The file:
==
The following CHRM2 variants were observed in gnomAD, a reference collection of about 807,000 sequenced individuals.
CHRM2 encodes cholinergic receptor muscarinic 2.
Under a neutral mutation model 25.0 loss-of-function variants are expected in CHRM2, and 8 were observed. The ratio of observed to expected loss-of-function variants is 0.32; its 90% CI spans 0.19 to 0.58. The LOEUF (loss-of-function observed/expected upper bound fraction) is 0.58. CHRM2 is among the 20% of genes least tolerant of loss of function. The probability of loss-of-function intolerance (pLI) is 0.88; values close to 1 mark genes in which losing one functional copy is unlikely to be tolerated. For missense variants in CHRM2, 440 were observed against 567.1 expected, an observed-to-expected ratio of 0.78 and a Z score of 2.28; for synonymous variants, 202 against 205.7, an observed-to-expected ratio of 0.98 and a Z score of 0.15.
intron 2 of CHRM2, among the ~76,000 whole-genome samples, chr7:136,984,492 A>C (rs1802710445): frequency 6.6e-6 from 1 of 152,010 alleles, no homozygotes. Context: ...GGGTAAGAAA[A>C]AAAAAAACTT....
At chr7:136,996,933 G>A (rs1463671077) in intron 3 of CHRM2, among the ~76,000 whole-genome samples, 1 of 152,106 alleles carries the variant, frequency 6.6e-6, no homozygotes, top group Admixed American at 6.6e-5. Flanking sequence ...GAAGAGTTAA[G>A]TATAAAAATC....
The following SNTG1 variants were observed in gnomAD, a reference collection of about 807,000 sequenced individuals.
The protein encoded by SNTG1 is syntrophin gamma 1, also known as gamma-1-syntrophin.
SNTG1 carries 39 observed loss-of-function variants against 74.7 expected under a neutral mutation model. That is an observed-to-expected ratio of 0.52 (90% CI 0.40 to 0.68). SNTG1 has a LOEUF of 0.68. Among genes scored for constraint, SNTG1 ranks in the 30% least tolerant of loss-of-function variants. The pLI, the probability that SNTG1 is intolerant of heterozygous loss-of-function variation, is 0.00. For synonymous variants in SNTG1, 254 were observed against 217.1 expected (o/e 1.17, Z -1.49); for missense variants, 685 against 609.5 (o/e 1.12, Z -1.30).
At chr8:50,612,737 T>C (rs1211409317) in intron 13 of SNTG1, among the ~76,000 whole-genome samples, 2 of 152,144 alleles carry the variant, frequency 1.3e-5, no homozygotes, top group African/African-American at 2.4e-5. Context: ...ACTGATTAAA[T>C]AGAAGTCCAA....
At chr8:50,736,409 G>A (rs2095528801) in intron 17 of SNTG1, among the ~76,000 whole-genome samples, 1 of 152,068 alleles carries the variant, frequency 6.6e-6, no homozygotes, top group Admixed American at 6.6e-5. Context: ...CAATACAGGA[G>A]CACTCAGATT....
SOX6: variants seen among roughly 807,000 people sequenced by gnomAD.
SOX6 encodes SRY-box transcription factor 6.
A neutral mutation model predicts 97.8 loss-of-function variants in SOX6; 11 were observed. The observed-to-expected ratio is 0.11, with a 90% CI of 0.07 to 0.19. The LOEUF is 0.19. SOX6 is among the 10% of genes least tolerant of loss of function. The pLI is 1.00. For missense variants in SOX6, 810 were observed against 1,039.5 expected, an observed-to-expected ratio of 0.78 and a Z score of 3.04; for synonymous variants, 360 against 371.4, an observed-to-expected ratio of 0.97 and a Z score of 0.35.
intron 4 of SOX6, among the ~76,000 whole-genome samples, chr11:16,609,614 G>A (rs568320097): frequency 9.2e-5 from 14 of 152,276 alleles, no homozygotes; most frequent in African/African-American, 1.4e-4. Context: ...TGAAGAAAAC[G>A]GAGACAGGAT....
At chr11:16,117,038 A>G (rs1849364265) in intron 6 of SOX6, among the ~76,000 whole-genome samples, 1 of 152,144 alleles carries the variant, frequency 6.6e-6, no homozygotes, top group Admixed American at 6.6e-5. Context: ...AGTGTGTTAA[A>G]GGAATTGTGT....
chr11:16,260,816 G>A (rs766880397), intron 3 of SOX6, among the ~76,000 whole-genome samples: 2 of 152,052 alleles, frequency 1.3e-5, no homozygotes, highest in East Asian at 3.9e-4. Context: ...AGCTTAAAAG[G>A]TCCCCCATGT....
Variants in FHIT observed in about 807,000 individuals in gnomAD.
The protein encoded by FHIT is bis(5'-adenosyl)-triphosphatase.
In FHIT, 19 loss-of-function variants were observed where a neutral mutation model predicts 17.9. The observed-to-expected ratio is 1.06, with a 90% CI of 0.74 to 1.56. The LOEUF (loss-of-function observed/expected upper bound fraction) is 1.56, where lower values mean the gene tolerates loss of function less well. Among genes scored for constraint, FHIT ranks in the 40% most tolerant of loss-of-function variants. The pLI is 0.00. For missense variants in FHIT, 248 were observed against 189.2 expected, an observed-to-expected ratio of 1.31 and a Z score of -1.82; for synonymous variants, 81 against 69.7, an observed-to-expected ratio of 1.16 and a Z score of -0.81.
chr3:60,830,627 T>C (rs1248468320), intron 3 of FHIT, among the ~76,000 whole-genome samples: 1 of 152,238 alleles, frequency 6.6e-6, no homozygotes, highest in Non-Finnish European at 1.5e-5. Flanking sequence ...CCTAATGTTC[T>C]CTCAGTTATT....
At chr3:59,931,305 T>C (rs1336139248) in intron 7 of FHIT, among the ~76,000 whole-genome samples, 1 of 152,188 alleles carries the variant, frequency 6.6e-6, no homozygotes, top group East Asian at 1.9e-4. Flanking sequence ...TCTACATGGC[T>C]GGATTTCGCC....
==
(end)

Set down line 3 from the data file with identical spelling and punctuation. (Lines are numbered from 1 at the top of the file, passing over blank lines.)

Under a neutral mutation model 25.0 loss-of-function variants are expected in CHRM2, and 8 were observed. The ratio of observed to expected loss-of-function variants is 0.32; its 90% CI spans 0.19 to 0.58. The LOEUF (loss-of-function observed/expected upper bound fraction) is 0.58. CHRM2 is among the 20% of genes least tolerant of loss of function. The probability of loss-of-function intolerance (pLI) is 0.88; values close to 1 mark genes in which losing one functional copy is unlikely to be tolerated. For missense variants in CHRM2, 440 were observed against 567.1 expected, an observed-to-expected ratio of 0.78 and a Z score of 2.28; for synonymous variants, 202 against 205.7, an observed-to-expected ratio of 0.98 and a Z score of 0.15.